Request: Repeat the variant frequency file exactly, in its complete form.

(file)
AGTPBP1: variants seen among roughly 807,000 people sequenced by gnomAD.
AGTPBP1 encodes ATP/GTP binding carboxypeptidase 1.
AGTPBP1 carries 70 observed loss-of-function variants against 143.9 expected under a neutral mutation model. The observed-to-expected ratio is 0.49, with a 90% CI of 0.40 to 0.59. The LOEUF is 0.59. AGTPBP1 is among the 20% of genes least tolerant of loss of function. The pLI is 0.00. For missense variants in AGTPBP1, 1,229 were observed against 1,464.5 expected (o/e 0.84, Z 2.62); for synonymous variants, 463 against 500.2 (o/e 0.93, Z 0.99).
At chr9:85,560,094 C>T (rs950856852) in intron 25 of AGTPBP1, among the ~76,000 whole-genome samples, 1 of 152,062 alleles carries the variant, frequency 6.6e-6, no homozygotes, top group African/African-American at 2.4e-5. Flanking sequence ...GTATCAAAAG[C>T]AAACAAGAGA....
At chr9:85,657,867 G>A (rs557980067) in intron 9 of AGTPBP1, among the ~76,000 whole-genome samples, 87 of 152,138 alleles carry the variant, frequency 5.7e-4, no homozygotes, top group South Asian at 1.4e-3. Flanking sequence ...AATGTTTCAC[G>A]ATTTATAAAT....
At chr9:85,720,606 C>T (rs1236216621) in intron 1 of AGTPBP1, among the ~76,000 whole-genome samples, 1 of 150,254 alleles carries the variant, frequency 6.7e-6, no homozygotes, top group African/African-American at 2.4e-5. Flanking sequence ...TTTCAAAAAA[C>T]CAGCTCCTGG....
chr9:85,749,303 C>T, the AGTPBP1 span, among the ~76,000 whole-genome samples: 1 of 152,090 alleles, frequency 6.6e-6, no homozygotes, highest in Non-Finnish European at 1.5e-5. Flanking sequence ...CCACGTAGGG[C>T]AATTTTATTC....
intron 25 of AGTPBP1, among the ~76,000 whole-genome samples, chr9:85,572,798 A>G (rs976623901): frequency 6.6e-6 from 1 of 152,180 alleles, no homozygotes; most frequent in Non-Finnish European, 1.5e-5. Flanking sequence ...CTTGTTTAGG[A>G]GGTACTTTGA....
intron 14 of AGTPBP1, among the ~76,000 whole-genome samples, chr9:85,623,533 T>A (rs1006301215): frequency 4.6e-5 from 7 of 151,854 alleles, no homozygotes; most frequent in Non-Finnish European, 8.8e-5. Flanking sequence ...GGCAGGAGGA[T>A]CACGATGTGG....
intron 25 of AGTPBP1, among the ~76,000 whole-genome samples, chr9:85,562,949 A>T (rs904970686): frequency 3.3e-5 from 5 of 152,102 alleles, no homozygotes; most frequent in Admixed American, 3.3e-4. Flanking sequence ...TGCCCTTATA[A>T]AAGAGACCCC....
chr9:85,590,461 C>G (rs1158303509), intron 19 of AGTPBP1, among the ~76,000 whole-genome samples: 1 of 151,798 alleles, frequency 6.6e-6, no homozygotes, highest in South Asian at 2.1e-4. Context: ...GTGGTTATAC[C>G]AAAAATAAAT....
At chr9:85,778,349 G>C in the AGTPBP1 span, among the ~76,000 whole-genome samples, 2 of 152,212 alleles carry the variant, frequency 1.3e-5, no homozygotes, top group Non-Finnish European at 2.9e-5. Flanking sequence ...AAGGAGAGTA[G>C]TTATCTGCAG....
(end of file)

AGTPBP1: variants seen among roughly 807,000 people sequenced by gnomAD.
AGTPBP1 encodes ATP/GTP binding carboxypeptidase 1.
AGTPBP1 carries 70 observed loss-of-function variants against 143.9 expected under a neutral mutation model. The observed-to-expected ratio is 0.49, with a 90% CI of 0.40 to 0.59. The LOEUF is 0.59. AGTPBP1 is among the 20% of genes least tolerant of loss of function. The pLI is 0.00. For missense variants in AGTPBP1, 1,229 were observed against 1,464.5 expected (o/e 0.84, Z 2.62); for synonymous variants, 463 against 500.2 (o/e 0.93, Z 0.99).
At chr9:85,560,094 C>T (rs950856852) in intron 25 of AGTPBP1, among the ~76,000 whole-genome samples, 1 of 152,062 alleles carries the variant, frequency 6.6e-6, no homozygotes, top group African/African-American at 2.4e-5. Flanking sequence ...GTATCAAAAG[C>T]AAACAAGAGA....
At chr9:85,657,867 G>A (rs557980067) in intron 9 of AGTPBP1, among the ~76,000 whole-genome samples, 87 of 152,138 alleles carry the variant, frequency 5.7e-4, no homozygotes, top group South Asian at 1.4e-3. Flanking sequence ...AATGTTTCAC[G>A]ATTTATAAAT....
At chr9:85,720,606 C>T (rs1236216621) in intron 1 of AGTPBP1, among the ~76,000 whole-genome samples, 1 of 150,254 alleles carries the variant, frequency 6.7e-6, no homozygotes, top group African/African-American at 2.4e-5. Flanking sequence ...TTTCAAAAAA[C>T]CAGCTCCTGG....
chr9:85,749,303 C>T, the AGTPBP1 span, among the ~76,000 whole-genome samples: 1 of 152,090 alleles, frequency 6.6e-6, no homozygotes, highest in Non-Finnish European at 1.5e-5. Flanking sequence ...CCACGTAGGG[C>T]AATTTTATTC....
intron 25 of AGTPBP1, among the ~76,000 whole-genome samples, chr9:85,572,798 A>G (rs976623901): frequency 6.6e-6 from 1 of 152,180 alleles, no homozygotes; most frequent in Non-Finnish European, 1.5e-5. Flanking sequence ...CTTGTTTAGG[A>G]GGTACTTTGA....
intron 14 of AGTPBP1, among the ~76,000 whole-genome samples, chr9:85,623,533 T>A (rs1006301215): frequency 4.6e-5 from 7 of 151,854 alleles, no homozygotes; most frequent in Non-Finnish European, 8.8e-5. Flanking sequence ...GGCAGGAGGA[T>A]CACGATGTGG....
intron 25 of AGTPBP1, among the ~76,000 whole-genome samples, chr9:85,562,949 A>T (rs904970686): frequency 3.3e-5 from 5 of 152,102 alleles, no homozygotes; most frequent in Admixed American, 3.3e-4. Flanking sequence ...TGCCCTTATA[A>T]AAGAGACCCC....
chr9:85,590,461 C>G (rs1158303509), intron 19 of AGTPBP1, among the ~76,000 whole-genome samples: 1 of 151,798 alleles, frequency 6.6e-6, no homozygotes, highest in South Asian at 2.1e-4. Context: ...GTGGTTATAC[C>G]AAAAATAAAT....
At chr9:85,778,349 G>C in the AGTPBP1 span, among the ~76,000 whole-genome samples, 2 of 152,212 alleles carry the variant, frequency 1.3e-5, no homozygotes, top group Non-Finnish European at 2.9e-5. Flanking sequence ...AAGGAGAGTA[G>C]TTATCTGCAG....